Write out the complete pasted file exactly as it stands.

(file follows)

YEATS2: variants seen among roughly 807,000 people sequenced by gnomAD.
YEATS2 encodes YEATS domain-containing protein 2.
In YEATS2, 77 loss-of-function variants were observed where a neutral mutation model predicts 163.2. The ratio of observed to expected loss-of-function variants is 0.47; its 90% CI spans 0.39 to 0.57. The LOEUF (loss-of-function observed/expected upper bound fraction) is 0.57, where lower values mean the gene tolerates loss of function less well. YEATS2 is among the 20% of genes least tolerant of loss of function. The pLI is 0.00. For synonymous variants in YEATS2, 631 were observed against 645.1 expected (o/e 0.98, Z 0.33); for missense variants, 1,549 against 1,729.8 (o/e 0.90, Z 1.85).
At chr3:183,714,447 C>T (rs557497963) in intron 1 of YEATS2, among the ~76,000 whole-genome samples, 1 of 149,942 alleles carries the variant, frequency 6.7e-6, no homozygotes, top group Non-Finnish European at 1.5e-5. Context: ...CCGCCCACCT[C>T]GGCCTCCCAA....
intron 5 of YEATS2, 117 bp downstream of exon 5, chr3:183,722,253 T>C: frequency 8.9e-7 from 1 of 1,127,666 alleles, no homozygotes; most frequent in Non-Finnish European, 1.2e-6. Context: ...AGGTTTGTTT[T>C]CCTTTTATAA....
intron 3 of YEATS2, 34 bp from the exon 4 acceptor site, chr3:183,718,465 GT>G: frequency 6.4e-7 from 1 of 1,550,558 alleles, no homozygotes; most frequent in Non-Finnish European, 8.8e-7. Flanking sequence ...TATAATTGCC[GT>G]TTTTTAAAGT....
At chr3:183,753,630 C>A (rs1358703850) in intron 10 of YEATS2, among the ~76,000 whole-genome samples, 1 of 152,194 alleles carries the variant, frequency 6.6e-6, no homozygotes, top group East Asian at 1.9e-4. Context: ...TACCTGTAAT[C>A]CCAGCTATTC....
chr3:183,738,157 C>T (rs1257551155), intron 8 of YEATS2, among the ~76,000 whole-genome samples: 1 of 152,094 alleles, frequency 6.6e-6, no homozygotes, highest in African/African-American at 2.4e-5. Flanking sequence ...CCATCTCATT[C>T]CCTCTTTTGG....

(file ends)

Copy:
YEATS2: variants seen among roughly 807,000 people sequenced by gnomAD.
YEATS2 encodes YEATS domain-containing protein 2.
In YEATS2, 77 loss-of-function variants were observed where a neutral mutation model predicts 163.2. The ratio of observed to expected loss-of-function variants is 0.47; its 90% CI spans 0.39 to 0.57. The LOEUF (loss-of-function observed/expected upper bound fraction) is 0.57, where lower values mean the gene tolerates loss of function less well. YEATS2 is among the 20% of genes least tolerant of loss of function. The pLI is 0.00. For synonymous variants in YEATS2, 631 were observed against 645.1 expected (o/e 0.98, Z 0.33); for missense variants, 1,549 against 1,729.8 (o/e 0.90, Z 1.85).
At chr3:183,714,447 C>T (rs557497963) in intron 1 of YEATS2, among the ~76,000 whole-genome samples, 1 of 149,942 alleles carries the variant, frequency 6.7e-6, no homozygotes, top group Non-Finnish European at 1.5e-5. Context: ...CCGCCCACCT[C>T]GGCCTCCCAA....
intron 5 of YEATS2, 117 bp downstream of exon 5, chr3:183,722,253 T>C: frequency 8.9e-7 from 1 of 1,127,666 alleles, no homozygotes; most frequent in Non-Finnish European, 1.2e-6. Context: ...AGGTTTGTTT[T>C]CCTTTTATAA....
intron 3 of YEATS2, 34 bp from the exon 4 acceptor site, chr3:183,718,465 GT>G: frequency 6.4e-7 from 1 of 1,550,558 alleles, no homozygotes; most frequent in Non-Finnish European, 8.8e-7. Flanking sequence ...TATAATTGCC[GT>G]TTTTTAAAGT....
At chr3:183,753,630 C>A (rs1358703850) in intron 10 of YEATS2, among the ~76,000 whole-genome samples, 1 of 152,194 alleles carries the variant, frequency 6.6e-6, no homozygotes, top group East Asian at 1.9e-4. Context: ...TACCTGTAAT[C>A]CCAGCTATTC....
chr3:183,738,157 C>T (rs1257551155), intron 8 of YEATS2, among the ~76,000 whole-genome samples: 1 of 152,094 alleles, frequency 6.6e-6, no homozygotes, highest in African/African-American at 2.4e-5. Flanking sequence ...CCATCTCATT[C>T]CCTCTTTTGG....